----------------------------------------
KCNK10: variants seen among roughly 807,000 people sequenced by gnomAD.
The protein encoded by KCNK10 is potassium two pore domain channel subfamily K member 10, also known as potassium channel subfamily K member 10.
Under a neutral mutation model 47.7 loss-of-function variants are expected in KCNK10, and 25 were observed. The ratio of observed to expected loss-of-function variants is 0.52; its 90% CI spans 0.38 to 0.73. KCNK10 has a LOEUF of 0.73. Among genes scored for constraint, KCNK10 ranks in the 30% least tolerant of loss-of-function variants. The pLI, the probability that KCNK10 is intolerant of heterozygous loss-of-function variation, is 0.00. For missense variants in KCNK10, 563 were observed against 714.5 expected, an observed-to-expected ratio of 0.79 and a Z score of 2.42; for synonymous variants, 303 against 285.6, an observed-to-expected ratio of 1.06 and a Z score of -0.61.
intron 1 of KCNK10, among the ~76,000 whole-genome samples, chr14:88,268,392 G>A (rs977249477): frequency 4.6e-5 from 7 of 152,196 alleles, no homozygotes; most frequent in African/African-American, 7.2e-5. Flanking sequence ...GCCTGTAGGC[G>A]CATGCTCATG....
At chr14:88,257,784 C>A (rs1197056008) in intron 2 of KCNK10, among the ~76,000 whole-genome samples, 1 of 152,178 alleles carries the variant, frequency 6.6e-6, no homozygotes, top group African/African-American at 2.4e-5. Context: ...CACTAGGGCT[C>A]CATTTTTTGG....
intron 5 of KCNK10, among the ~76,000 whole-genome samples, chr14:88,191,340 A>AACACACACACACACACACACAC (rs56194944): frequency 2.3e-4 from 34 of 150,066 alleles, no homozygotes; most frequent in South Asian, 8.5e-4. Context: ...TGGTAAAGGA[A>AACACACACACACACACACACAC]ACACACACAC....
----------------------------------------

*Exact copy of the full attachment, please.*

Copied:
KCNK10: variants seen among roughly 807,000 people sequenced by gnomAD.
The protein encoded by KCNK10 is potassium two pore domain channel subfamily K member 10, also known as potassium channel subfamily K member 10.
Under a neutral mutation model 47.7 loss-of-function variants are expected in KCNK10, and 25 were observed. The ratio of observed to expected loss-of-function variants is 0.52; its 90% CI spans 0.38 to 0.73. KCNK10 has a LOEUF of 0.73. Among genes scored for constraint, KCNK10 ranks in the 30% least tolerant of loss-of-function variants. The pLI, the probability that KCNK10 is intolerant of heterozygous loss-of-function variation, is 0.00. For missense variants in KCNK10, 563 were observed against 714.5 expected, an observed-to-expected ratio of 0.79 and a Z score of 2.42; for synonymous variants, 303 against 285.6, an observed-to-expected ratio of 1.06 and a Z score of -0.61.
intron 1 of KCNK10, among the ~76,000 whole-genome samples, chr14:88,268,392 G>A (rs977249477): frequency 4.6e-5 from 7 of 152,196 alleles, no homozygotes; most frequent in African/African-American, 7.2e-5. Flanking sequence ...GCCTGTAGGC[G>A]CATGCTCATG....
At chr14:88,257,784 C>A (rs1197056008) in intron 2 of KCNK10, among the ~76,000 whole-genome samples, 1 of 152,178 alleles carries the variant, frequency 6.6e-6, no homozygotes, top group African/African-American at 2.4e-5. Context: ...CACTAGGGCT[C>A]CATTTTTTGG....
intron 5 of KCNK10, among the ~76,000 whole-genome samples, chr14:88,191,340 A>AACACACACACACACACACACAC (rs56194944): frequency 2.3e-4 from 34 of 150,066 alleles, no homozygotes; most frequent in South Asian, 8.5e-4. Context: ...TGGTAAAGGA[A>AACACACACACACACACACACAC]ACACACACAC....